After the fittings were completed, the patients wearing the experimental braces were presented before the entire panel and observers. This process was a review of the individual appliances, the design concepts, and the kinds of patients for whom the devices were primarily intended. It was difficult in each instance to provide exactly the kind of patient for whom the brace was designed, but indications and contraindications of each design were reviewed and questions raised.
During the third part of the panel meeting, the panelists discussed each brace. Although it is quite difficult to make decisions in large panel sessions, some decisions were made. What CPRD might do for each brace was of special significance to the Subcommittee on Design and Development at this point because many of these devices have been in laboratories for quite long periods of time. Needed was the review achieved at this meeting. Actions were recommended. (Appendices B and C were distributed for the information of the participants.)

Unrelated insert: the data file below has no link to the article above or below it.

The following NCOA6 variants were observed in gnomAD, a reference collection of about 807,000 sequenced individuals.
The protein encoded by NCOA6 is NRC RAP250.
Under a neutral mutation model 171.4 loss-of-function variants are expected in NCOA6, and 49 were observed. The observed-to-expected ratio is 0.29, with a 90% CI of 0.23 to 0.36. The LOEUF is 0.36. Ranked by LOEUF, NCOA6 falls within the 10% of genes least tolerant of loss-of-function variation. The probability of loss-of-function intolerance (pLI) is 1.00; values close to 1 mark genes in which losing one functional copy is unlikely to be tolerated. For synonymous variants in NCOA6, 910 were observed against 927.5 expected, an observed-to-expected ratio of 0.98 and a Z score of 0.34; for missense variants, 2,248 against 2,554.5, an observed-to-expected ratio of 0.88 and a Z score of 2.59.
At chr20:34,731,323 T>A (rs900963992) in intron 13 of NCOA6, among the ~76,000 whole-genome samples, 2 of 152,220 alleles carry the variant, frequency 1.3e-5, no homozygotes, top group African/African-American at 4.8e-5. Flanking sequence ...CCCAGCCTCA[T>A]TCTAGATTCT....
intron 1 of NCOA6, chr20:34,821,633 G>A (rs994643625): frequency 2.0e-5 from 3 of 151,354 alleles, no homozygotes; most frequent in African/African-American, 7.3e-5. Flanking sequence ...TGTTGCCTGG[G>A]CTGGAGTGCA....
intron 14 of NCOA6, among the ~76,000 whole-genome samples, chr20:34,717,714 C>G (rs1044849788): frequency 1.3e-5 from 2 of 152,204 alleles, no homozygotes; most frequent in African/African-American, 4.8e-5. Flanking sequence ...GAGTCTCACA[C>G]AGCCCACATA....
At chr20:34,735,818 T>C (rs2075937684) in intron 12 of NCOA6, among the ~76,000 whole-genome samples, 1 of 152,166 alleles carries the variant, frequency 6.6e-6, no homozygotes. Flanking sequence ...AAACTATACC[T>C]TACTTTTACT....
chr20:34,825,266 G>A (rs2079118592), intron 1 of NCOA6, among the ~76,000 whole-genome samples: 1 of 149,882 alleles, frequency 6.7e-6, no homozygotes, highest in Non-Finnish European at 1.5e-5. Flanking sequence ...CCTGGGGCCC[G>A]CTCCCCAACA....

It is hoped that it will not be too long before patients can benefit from the work that has gone into the development of these devices.
Originally we had intended to have the workshop panel explore only those devices intended for stabilization of the knee. However, the Subcommittee chose to expand the scope of the panel to include a number of below-knee braces intended for control of drop-foot because many of these seemed to be ready for advancement into either the CPRD evaluation program or into the educational program. With the summaries provided on the drop-foot braces in this report, we believe we have accomplished an objective. Most are relatively simple devices, and some possibly can be selected for local trial based on the information contained here. At the same time all might very well be studied by a bioengineering laboratory to delineate the differences among them, and thus help the educational program in offering prescription guidelines.